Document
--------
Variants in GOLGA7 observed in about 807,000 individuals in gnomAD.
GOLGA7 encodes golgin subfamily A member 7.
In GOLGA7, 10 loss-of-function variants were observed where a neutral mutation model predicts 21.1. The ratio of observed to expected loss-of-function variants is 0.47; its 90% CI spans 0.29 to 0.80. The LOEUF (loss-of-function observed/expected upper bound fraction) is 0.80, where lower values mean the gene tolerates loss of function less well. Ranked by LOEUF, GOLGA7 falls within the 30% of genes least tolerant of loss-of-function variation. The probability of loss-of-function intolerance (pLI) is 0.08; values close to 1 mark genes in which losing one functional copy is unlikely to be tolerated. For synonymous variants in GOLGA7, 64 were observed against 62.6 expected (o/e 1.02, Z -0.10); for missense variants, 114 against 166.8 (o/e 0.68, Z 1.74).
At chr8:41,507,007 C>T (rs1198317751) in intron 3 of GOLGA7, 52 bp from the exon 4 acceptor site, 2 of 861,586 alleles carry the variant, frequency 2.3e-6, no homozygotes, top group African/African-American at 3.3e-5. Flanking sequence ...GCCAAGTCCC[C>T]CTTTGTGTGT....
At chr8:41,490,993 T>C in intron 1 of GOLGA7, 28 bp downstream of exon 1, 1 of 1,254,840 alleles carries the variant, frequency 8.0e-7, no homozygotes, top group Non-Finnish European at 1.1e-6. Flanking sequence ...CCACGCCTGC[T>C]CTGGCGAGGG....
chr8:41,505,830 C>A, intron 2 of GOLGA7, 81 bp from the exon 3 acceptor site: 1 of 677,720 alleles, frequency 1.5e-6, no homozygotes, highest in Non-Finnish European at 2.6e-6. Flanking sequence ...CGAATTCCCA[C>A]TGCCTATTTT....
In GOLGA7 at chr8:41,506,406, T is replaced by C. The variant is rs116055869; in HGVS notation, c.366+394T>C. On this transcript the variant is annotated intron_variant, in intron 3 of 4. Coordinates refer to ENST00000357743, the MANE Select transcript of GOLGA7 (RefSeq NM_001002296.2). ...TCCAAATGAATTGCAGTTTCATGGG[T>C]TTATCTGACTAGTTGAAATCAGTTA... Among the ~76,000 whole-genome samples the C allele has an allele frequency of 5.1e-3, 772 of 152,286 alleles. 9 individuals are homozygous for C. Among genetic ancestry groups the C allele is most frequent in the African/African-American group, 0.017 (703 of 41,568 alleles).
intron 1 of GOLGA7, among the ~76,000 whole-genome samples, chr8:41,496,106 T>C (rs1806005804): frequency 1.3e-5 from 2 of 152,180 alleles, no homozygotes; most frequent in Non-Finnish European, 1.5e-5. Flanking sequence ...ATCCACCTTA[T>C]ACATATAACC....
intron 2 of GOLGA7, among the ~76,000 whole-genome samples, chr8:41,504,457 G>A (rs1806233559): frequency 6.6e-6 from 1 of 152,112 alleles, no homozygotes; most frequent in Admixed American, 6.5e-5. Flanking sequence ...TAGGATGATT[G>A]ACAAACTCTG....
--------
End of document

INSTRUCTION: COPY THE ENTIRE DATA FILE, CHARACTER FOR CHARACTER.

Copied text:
Variants in GOLGA7 observed in about 807,000 individuals in gnomAD.
GOLGA7 encodes golgin subfamily A member 7.
In GOLGA7, 10 loss-of-function variants were observed where a neutral mutation model predicts 21.1. The ratio of observed to expected loss-of-function variants is 0.47; its 90% CI spans 0.29 to 0.80. The LOEUF (loss-of-function observed/expected upper bound fraction) is 0.80, where lower values mean the gene tolerates loss of function less well. Ranked by LOEUF, GOLGA7 falls within the 30% of genes least tolerant of loss-of-function variation. The probability of loss-of-function intolerance (pLI) is 0.08; values close to 1 mark genes in which losing one functional copy is unlikely to be tolerated. For synonymous variants in GOLGA7, 64 were observed against 62.6 expected (o/e 1.02, Z -0.10); for missense variants, 114 against 166.8 (o/e 0.68, Z 1.74).
At chr8:41,507,007 C>T (rs1198317751) in intron 3 of GOLGA7, 52 bp from the exon 4 acceptor site, 2 of 861,586 alleles carry the variant, frequency 2.3e-6, no homozygotes, top group African/African-American at 3.3e-5. Flanking sequence ...GCCAAGTCCC[C>T]CTTTGTGTGT....
At chr8:41,490,993 T>C in intron 1 of GOLGA7, 28 bp downstream of exon 1, 1 of 1,254,840 alleles carries the variant, frequency 8.0e-7, no homozygotes, top group Non-Finnish European at 1.1e-6. Flanking sequence ...CCACGCCTGC[T>C]CTGGCGAGGG....
chr8:41,505,830 C>A, intron 2 of GOLGA7, 81 bp from the exon 3 acceptor site: 1 of 677,720 alleles, frequency 1.5e-6, no homozygotes, highest in Non-Finnish European at 2.6e-6. Flanking sequence ...CGAATTCCCA[C>A]TGCCTATTTT....
In GOLGA7 at chr8:41,506,406, T is replaced by C. The variant is rs116055869; in HGVS notation, c.366+394T>C. On this transcript the variant is annotated intron_variant, in intron 3 of 4. Coordinates refer to ENST00000357743, the MANE Select transcript of GOLGA7 (RefSeq NM_001002296.2). ...TCCAAATGAATTGCAGTTTCATGGG[T>C]TTATCTGACTAGTTGAAATCAGTTA... Among the ~76,000 whole-genome samples the C allele has an allele frequency of 5.1e-3, 772 of 152,286 alleles. 9 individuals are homozygous for C. Among genetic ancestry groups the C allele is most frequent in the African/African-American group, 0.017 (703 of 41,568 alleles).
intron 1 of GOLGA7, among the ~76,000 whole-genome samples, chr8:41,496,106 T>C (rs1806005804): frequency 1.3e-5 from 2 of 152,180 alleles, no homozygotes; most frequent in Non-Finnish European, 1.5e-5. Flanking sequence ...ATCCACCTTA[T>C]ACATATAACC....
intron 2 of GOLGA7, among the ~76,000 whole-genome samples, chr8:41,504,457 G>A (rs1806233559): frequency 6.6e-6 from 1 of 152,112 alleles, no homozygotes; most frequent in Admixed American, 6.5e-5. Flanking sequence ...TAGGATGATT[G>A]ACAAACTCTG....